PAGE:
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Friday, October 31, 2014  

UK court acquits cop of killing man during anti-G20 protest
LONDON A police officer accused of killing a newspaper seller at anti-capitalist G20 protests in London in 2009 was cleared by a jury on Thursday in a case that raised wider questions about recruitment policies at the capital’s police force.  

Police Constable Simon Harwood had been charged with the manslaughter of 47-year-old Ian Tomlinson who collapsed and died on the fringes of the demonstrations in central London.  

At the end of a four-week trial at Southwark Crown Court the jury found Harwood not guilty.  

Tomlinson had become caught up in the protests near the Bank of England as he tried to make his way home.  

Video footage taken by an American tourist showed Harwood, wearing a riot helmet, pushing Tomlinson over shortly before he collapsed on a nearby street.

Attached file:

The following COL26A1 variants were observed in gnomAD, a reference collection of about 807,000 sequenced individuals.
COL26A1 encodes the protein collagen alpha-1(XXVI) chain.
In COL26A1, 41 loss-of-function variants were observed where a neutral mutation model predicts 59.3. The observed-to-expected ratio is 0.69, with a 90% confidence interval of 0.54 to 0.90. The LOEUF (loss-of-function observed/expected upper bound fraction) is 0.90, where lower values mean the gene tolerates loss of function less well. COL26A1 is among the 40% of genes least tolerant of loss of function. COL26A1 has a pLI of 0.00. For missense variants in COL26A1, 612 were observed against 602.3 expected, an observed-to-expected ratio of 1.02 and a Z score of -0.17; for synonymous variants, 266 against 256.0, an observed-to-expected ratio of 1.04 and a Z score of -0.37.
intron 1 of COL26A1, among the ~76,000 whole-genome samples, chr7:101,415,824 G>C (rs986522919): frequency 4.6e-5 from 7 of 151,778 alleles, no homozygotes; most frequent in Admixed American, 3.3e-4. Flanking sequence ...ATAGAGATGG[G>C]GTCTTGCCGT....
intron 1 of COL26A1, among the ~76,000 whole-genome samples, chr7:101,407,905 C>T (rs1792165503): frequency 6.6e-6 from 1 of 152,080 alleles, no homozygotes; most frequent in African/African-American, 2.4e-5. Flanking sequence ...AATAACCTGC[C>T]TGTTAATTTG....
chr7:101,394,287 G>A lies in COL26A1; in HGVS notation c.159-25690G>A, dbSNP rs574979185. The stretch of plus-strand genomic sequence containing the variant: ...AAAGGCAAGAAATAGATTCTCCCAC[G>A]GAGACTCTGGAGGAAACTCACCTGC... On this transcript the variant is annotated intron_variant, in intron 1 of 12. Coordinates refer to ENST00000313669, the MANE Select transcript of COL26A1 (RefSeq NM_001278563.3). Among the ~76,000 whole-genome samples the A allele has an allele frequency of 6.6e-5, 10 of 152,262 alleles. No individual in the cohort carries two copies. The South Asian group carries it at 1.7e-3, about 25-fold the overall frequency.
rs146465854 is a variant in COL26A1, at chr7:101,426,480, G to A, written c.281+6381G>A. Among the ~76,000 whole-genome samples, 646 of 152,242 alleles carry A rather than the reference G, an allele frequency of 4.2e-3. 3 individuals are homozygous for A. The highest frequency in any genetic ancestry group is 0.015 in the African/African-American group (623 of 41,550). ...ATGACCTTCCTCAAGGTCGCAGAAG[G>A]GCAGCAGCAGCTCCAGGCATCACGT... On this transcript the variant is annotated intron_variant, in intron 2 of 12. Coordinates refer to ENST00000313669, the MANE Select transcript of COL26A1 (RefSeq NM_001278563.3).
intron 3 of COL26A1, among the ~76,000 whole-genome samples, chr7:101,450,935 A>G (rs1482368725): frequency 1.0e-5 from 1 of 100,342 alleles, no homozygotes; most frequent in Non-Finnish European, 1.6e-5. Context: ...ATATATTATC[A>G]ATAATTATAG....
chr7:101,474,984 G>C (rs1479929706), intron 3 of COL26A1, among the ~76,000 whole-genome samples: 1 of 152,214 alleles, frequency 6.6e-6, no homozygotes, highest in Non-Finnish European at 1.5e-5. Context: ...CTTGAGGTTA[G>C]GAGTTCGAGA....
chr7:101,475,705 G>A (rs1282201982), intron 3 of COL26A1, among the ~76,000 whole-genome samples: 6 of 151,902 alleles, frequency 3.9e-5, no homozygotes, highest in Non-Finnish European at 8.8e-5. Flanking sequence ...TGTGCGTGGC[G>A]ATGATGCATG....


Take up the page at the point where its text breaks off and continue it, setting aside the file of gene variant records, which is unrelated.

The case attracted widespread public interest, with critics condemning an original decision not to prosecute Harwood.   

An initial post-mortem recorded that Tomlinson had died from a heart attack, but two further autopsies showed the cause of death to be internal bleeding.          

Prosecutors finally charged Harwood after an inquest jury in May 2011 found that Tomlinson had been unlawfully killed. That jury had found that Harwood used “excessive and unreasonable” force in hitting Tomlinson with a baton and that he had posed no threat at the time.  

Despite his acquittal, Harwood will now face a public misconduct hearing in September, the Independent Police Complaints Commission watchdog  said.  

Reuters
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